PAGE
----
While government employees, students and the general public had to wait in line for hours in the beginning of the pandemic, at-home test kits make it easy to diagnose for the novel coronavirus in less than 30 minutes.
Governments around the nation are working to design the best vaccine policies that keep both their employees and their residents safe. Although the latest data shows a variety of polarizing perspectives, there are clear emerging best practices that leading governments are following to put trust first: creating policies that are flexible and provide a range of options, and being in tune with the needs and sentiments of their employees so that they are able to be dynamic and accommodate the rapidly changing situation.
Service delivery and the individual experience within health and human services (HHS) is often very siloed and fragmented.
In this episode, Marianne Steger explains why health care for Pre-Medicare retirees and active employees just got easier.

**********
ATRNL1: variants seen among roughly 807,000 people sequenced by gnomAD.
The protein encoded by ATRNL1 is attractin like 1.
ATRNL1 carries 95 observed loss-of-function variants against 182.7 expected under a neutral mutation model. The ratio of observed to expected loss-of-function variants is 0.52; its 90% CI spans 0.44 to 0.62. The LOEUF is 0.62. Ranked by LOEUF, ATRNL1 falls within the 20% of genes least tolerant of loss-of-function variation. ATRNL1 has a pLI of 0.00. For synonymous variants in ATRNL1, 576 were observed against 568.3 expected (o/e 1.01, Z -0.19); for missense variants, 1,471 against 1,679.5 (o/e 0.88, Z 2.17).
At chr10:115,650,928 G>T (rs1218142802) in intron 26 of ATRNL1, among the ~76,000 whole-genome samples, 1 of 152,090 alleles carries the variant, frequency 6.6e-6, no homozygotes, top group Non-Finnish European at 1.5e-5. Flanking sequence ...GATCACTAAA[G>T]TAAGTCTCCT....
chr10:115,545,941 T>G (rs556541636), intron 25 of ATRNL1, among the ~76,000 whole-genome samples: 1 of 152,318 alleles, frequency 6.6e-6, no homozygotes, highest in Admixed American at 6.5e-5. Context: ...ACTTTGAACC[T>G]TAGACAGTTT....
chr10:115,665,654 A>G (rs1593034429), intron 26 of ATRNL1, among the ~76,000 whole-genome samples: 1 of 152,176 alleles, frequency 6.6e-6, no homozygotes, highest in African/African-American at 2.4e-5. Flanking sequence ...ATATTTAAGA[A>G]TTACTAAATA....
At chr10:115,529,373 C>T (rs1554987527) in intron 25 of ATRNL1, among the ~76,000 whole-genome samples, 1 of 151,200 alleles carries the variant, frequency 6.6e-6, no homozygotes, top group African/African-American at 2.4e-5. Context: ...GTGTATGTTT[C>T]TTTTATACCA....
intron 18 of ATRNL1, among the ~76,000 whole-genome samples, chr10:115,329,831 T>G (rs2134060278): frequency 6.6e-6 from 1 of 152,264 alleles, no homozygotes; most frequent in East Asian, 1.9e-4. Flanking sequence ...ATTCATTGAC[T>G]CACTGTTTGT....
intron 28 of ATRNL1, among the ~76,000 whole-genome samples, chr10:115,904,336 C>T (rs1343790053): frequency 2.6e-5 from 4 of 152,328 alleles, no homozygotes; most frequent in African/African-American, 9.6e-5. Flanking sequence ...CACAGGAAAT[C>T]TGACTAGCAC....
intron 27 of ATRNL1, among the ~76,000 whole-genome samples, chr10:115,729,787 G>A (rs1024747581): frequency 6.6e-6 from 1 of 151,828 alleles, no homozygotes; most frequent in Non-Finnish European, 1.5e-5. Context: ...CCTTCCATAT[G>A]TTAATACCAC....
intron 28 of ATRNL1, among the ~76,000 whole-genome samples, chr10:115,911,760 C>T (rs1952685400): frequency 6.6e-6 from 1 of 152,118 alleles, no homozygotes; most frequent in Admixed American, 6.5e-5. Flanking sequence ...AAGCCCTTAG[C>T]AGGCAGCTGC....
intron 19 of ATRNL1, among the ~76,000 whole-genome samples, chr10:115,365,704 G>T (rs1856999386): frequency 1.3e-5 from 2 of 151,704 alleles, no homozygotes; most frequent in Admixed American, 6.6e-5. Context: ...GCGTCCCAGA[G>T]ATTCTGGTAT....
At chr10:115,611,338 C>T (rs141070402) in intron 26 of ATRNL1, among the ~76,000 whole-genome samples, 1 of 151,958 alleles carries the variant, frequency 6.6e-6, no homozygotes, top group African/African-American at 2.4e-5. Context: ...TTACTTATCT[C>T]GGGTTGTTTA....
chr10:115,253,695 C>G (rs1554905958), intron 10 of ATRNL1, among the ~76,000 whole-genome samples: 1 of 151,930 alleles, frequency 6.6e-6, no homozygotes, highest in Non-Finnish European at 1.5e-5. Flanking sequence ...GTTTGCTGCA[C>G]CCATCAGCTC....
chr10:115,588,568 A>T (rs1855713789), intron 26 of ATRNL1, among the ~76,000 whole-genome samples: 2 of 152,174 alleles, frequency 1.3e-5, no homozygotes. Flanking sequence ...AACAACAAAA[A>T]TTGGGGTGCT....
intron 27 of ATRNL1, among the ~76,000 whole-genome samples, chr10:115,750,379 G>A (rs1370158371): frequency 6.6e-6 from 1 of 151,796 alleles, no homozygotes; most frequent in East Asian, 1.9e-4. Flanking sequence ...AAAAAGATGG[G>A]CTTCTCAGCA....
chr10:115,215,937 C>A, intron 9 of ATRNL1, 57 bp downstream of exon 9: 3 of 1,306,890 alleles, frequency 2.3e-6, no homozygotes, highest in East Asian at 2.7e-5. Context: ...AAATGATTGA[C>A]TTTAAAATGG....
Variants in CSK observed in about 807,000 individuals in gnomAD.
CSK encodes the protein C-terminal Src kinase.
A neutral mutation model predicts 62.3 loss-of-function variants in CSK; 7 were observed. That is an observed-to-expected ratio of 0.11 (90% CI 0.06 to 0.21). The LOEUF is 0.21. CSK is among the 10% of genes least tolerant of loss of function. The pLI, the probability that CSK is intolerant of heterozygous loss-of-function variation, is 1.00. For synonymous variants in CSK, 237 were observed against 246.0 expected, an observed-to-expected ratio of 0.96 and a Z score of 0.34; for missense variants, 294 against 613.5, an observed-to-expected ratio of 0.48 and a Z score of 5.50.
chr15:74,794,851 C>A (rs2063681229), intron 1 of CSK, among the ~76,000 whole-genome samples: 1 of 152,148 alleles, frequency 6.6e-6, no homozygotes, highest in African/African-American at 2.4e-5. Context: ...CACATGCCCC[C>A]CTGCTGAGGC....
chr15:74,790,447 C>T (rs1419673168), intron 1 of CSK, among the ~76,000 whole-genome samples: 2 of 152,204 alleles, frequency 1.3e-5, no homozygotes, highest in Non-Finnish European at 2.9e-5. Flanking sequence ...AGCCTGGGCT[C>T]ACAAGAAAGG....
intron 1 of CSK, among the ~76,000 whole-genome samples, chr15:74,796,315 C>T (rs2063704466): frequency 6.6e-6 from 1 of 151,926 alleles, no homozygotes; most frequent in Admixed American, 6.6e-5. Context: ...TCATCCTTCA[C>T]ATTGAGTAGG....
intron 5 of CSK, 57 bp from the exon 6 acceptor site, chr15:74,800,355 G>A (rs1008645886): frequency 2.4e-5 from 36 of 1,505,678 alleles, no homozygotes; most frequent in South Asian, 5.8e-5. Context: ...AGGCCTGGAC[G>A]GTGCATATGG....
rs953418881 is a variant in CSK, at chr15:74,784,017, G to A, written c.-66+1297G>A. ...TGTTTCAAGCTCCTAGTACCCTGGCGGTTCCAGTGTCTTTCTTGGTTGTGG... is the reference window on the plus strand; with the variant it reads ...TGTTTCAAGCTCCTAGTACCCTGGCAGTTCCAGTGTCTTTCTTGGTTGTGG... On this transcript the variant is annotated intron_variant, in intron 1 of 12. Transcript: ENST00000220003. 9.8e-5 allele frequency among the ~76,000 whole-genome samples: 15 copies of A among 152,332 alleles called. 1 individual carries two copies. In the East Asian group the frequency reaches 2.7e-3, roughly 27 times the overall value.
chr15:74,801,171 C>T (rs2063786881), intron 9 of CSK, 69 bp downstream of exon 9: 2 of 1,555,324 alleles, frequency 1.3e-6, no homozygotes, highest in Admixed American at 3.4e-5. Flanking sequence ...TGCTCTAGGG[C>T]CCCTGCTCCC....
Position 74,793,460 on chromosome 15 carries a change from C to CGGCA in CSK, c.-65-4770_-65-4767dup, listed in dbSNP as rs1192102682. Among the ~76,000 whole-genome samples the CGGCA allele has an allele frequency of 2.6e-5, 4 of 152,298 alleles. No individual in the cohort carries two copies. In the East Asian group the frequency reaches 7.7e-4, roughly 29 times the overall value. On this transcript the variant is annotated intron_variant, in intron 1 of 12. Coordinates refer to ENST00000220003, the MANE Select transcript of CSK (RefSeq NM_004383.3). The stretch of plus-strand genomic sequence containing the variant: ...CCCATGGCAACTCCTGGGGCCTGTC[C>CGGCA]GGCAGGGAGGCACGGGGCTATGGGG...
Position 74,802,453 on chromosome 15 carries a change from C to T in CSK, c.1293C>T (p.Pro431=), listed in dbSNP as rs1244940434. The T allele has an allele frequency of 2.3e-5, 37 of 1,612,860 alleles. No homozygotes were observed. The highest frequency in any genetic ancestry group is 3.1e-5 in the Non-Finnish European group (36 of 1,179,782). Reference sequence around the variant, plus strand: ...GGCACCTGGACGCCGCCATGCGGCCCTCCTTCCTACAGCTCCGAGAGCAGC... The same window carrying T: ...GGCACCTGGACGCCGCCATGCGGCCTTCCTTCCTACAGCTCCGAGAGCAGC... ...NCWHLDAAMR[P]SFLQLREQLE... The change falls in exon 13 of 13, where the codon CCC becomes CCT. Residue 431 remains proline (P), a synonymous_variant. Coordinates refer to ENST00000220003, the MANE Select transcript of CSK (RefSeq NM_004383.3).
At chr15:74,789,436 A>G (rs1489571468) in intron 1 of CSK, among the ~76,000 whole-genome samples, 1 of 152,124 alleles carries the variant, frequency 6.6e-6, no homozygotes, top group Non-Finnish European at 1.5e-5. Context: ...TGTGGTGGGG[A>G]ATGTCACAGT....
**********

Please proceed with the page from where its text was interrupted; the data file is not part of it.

Government organizations around the world are experiencing the consequences of plagiarism firsthand. A simple mistake can lead to loss of reputation, loss of trust and even lawsuits. It’s important to avoid plagiarism at all costs, and government organizations are held to a particularly high standard. Fortunately, technological solutions such as iThenticate allow government organizations to avoid instances of text plagiarism in an efficient manner.
Creating meaningful citizen experiences in a post-COVID world requires embracing digital initiatives like secure and ethical data sharing, artificial intelligence and more.
GHD identified four themes critical for municipalities to address to reach net-zero by 2050. Will you be ready?
As more state and local jurisdictions have placed a priority on creating sustainable and resilient communities, many have set strong targets to reduce the energy use and greenhouse gases (GHGs) associated with commercial and residential buildings.